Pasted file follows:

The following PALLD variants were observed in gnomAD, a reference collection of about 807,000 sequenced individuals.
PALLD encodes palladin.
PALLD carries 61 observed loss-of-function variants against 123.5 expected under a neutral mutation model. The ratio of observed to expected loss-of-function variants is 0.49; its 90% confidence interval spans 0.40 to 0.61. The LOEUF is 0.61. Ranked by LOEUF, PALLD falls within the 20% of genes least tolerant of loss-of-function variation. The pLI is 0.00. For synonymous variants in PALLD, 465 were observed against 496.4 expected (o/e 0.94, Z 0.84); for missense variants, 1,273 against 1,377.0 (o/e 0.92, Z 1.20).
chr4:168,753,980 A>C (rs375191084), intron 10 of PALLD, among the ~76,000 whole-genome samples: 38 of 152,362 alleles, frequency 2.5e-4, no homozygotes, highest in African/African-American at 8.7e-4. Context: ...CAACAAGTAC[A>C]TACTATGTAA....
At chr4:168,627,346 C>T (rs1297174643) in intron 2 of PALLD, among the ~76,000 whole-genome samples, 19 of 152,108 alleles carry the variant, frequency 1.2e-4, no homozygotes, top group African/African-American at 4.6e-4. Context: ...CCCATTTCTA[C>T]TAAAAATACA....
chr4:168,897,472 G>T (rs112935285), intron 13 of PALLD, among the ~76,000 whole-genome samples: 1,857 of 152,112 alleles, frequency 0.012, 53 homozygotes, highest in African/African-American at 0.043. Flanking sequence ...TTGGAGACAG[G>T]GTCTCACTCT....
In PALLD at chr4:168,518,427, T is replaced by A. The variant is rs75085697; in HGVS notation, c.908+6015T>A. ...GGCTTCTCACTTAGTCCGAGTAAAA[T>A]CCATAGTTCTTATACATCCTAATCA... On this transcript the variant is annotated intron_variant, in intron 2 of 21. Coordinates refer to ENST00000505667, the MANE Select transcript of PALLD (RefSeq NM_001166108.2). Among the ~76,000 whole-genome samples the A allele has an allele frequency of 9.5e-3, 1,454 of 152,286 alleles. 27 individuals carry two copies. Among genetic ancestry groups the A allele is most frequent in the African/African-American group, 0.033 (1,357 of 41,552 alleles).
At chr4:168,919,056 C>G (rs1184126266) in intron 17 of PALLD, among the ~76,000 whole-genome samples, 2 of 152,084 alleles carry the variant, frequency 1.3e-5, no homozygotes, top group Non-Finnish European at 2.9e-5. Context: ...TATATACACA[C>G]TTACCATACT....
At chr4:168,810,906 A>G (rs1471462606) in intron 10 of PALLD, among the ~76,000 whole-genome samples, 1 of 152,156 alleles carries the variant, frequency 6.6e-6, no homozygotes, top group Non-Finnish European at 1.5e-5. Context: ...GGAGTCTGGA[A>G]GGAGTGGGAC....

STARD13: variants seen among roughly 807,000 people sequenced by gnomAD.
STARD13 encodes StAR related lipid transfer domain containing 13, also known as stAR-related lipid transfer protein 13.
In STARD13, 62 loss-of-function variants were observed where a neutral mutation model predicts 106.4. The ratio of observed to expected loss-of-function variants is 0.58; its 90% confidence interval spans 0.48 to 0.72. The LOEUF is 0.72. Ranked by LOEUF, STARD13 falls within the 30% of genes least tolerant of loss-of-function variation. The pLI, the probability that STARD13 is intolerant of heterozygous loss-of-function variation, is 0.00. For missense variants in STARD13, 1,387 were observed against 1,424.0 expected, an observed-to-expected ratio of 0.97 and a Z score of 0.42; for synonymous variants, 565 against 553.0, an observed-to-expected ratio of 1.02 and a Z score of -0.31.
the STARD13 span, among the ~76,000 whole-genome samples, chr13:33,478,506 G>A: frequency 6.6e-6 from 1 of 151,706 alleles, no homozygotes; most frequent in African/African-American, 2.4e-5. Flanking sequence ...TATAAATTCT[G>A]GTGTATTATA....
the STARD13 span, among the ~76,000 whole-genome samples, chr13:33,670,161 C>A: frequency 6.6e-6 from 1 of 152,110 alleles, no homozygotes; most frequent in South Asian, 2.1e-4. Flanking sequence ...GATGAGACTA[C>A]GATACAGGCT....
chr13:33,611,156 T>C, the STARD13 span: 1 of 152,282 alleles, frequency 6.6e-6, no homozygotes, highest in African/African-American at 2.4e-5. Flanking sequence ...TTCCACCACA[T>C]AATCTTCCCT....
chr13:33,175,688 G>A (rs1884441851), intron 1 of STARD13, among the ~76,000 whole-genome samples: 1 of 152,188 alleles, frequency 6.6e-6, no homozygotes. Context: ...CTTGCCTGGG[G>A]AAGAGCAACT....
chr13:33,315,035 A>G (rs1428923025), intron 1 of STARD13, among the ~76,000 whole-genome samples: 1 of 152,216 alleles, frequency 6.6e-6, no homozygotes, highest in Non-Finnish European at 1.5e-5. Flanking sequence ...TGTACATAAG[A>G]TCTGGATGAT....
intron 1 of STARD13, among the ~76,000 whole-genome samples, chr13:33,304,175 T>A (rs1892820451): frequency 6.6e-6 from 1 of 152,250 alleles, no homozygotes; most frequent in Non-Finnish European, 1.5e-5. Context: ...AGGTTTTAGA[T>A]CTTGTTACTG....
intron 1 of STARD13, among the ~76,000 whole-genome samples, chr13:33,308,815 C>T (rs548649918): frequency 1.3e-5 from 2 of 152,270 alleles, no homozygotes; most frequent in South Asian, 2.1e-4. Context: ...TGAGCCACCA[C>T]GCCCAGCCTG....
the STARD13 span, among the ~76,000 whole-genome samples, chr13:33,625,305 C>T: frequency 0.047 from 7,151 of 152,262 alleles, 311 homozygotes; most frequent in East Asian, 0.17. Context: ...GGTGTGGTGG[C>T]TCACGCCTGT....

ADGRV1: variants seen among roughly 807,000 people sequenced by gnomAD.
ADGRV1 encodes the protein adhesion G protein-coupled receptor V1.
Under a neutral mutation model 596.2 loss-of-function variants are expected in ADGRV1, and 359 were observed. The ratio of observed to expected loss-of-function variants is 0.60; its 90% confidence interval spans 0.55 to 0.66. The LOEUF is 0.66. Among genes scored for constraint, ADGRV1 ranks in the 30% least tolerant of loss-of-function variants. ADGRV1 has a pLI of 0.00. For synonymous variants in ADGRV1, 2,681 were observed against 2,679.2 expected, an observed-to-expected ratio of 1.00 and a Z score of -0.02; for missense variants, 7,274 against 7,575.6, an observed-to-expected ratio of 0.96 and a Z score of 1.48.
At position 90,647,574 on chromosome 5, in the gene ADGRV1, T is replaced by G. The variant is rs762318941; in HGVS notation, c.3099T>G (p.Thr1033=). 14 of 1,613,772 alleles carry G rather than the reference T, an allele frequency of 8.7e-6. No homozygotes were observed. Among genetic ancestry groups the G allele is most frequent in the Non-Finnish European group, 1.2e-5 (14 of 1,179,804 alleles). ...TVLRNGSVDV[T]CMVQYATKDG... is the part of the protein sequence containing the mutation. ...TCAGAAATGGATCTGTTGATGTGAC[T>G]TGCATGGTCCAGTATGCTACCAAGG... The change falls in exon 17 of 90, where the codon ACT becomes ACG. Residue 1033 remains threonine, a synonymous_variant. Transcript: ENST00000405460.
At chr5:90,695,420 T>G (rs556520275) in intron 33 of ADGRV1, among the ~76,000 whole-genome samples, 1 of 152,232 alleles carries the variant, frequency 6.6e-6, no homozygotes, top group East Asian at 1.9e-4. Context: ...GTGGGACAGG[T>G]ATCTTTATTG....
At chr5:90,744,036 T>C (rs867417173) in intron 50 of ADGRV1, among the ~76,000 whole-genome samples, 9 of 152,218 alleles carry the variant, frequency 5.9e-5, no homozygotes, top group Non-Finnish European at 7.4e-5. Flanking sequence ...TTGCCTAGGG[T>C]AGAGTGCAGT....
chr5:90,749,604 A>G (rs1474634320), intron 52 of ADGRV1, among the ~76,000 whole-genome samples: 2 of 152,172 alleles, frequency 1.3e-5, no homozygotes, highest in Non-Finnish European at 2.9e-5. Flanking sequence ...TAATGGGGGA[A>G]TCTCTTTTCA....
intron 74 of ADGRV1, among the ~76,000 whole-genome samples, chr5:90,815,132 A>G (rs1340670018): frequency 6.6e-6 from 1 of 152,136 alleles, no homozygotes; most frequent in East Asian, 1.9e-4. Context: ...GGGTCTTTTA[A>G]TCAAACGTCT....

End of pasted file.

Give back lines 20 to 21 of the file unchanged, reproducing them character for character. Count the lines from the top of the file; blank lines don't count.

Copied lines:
the STARD13 span, among the ~76,000 whole-genome samples, chr13:33,625,305 C>T: frequency 0.047 from 7,151 of 152,262 alleles, 311 homozygotes; most frequent in East Asian, 0.17. Context: ...GGTGTGGTGG[C>T]TCACGCCTGT....

ADGRV1: variants seen among roughly 807,000 people sequenced by gnomAD.